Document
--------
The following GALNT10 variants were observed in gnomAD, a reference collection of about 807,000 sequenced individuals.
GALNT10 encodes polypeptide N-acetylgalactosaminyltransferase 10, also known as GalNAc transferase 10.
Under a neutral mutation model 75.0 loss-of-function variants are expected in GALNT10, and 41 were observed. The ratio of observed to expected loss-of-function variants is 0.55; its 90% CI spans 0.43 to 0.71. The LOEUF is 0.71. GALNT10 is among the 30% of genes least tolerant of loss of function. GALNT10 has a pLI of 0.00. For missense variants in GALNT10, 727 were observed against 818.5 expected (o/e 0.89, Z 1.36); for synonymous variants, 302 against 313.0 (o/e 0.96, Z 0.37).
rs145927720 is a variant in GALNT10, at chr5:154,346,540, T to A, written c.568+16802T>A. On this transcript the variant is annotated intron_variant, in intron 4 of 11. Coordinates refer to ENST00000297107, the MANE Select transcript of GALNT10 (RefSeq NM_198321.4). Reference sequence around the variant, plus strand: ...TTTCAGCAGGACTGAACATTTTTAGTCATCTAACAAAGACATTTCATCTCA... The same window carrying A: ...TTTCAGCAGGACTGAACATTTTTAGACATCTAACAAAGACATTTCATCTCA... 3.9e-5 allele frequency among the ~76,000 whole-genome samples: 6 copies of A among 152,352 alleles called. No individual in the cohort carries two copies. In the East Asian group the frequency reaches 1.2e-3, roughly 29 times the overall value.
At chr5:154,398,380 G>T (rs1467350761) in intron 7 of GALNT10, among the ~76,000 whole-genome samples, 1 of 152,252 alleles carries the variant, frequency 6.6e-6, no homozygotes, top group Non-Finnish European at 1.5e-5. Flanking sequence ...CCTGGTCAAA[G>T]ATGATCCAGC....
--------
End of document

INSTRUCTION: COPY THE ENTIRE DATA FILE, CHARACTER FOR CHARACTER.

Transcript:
The following GALNT10 variants were observed in gnomAD, a reference collection of about 807,000 sequenced individuals.
GALNT10 encodes polypeptide N-acetylgalactosaminyltransferase 10, also known as GalNAc transferase 10.
Under a neutral mutation model 75.0 loss-of-function variants are expected in GALNT10, and 41 were observed. The ratio of observed to expected loss-of-function variants is 0.55; its 90% CI spans 0.43 to 0.71. The LOEUF is 0.71. GALNT10 is among the 30% of genes least tolerant of loss of function. GALNT10 has a pLI of 0.00. For missense variants in GALNT10, 727 were observed against 818.5 expected (o/e 0.89, Z 1.36); for synonymous variants, 302 against 313.0 (o/e 0.96, Z 0.37).
rs145927720 is a variant in GALNT10, at chr5:154,346,540, T to A, written c.568+16802T>A. On this transcript the variant is annotated intron_variant, in intron 4 of 11. Coordinates refer to ENST00000297107, the MANE Select transcript of GALNT10 (RefSeq NM_198321.4). Reference sequence around the variant, plus strand: ...TTTCAGCAGGACTGAACATTTTTAGTCATCTAACAAAGACATTTCATCTCA... The same window carrying A: ...TTTCAGCAGGACTGAACATTTTTAGACATCTAACAAAGACATTTCATCTCA... 3.9e-5 allele frequency among the ~76,000 whole-genome samples: 6 copies of A among 152,352 alleles called. No individual in the cohort carries two copies. In the East Asian group the frequency reaches 1.2e-3, roughly 29 times the overall value.
At chr5:154,398,380 G>T (rs1467350761) in intron 7 of GALNT10, among the ~76,000 whole-genome samples, 1 of 152,252 alleles carries the variant, frequency 6.6e-6, no homozygotes, top group Non-Finnish European at 1.5e-5. Flanking sequence ...CCTGGTCAAA[G>T]ATGATCCAGC....